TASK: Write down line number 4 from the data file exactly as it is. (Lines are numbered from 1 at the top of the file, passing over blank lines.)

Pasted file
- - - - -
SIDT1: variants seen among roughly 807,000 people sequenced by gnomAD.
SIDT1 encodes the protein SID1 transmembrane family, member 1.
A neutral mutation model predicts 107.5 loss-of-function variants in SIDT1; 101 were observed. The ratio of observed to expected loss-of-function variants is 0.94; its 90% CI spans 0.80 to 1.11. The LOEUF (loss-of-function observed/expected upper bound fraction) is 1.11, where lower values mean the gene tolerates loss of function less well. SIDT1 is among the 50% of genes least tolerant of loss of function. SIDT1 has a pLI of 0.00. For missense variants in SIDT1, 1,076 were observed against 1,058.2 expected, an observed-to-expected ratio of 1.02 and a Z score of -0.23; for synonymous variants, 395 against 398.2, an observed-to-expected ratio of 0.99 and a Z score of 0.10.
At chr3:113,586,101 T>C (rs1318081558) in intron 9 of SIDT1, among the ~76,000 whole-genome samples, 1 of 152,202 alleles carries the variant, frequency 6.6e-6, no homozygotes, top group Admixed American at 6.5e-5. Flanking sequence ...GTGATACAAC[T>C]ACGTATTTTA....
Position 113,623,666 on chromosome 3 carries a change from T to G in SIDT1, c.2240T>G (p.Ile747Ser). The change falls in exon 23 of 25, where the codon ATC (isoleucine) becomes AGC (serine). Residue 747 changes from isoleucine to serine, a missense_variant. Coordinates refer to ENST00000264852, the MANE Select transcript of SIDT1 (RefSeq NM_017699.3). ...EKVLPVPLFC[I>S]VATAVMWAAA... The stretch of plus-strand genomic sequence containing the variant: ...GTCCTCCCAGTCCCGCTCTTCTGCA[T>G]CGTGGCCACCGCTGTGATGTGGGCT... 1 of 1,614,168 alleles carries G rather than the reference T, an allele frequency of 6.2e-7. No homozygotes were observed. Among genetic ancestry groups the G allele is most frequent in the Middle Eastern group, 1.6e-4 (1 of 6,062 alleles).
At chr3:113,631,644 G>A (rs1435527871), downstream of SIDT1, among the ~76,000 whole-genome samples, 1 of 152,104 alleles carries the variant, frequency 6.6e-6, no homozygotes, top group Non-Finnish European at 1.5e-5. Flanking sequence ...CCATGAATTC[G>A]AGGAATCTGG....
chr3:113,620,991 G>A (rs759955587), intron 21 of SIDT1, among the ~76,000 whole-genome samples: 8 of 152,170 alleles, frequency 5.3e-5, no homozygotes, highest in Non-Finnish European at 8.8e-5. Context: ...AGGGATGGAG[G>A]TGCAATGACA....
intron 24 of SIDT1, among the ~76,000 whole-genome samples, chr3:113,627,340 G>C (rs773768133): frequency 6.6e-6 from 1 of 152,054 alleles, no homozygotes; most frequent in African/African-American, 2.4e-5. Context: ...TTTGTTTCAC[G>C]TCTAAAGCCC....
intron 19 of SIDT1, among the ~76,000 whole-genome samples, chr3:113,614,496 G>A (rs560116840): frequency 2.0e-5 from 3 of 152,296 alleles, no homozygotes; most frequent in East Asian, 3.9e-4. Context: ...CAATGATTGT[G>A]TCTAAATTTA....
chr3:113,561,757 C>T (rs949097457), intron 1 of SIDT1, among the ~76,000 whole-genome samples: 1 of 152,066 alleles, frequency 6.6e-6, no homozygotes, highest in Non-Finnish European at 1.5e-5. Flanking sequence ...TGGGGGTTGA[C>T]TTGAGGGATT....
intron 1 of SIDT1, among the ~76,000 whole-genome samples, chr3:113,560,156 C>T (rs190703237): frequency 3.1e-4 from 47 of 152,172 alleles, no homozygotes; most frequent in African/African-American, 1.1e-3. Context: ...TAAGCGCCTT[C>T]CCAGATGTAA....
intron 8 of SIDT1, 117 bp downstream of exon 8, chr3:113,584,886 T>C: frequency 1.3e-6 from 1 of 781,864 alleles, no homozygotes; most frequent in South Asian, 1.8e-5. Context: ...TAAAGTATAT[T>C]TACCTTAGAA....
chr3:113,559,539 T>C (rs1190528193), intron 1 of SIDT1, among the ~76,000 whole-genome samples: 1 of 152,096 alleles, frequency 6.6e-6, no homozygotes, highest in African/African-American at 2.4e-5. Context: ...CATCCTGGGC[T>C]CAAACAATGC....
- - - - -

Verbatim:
At chr3:113,586,101 T>C (rs1318081558) in intron 9 of SIDT1, among the ~76,000 whole-genome samples, 1 of 152,202 alleles carries the variant, frequency 6.6e-6, no homozygotes, top group Admixed American at 6.5e-5. Flanking sequence ...GTGATACAAC[T>C]ACGTATTTTA....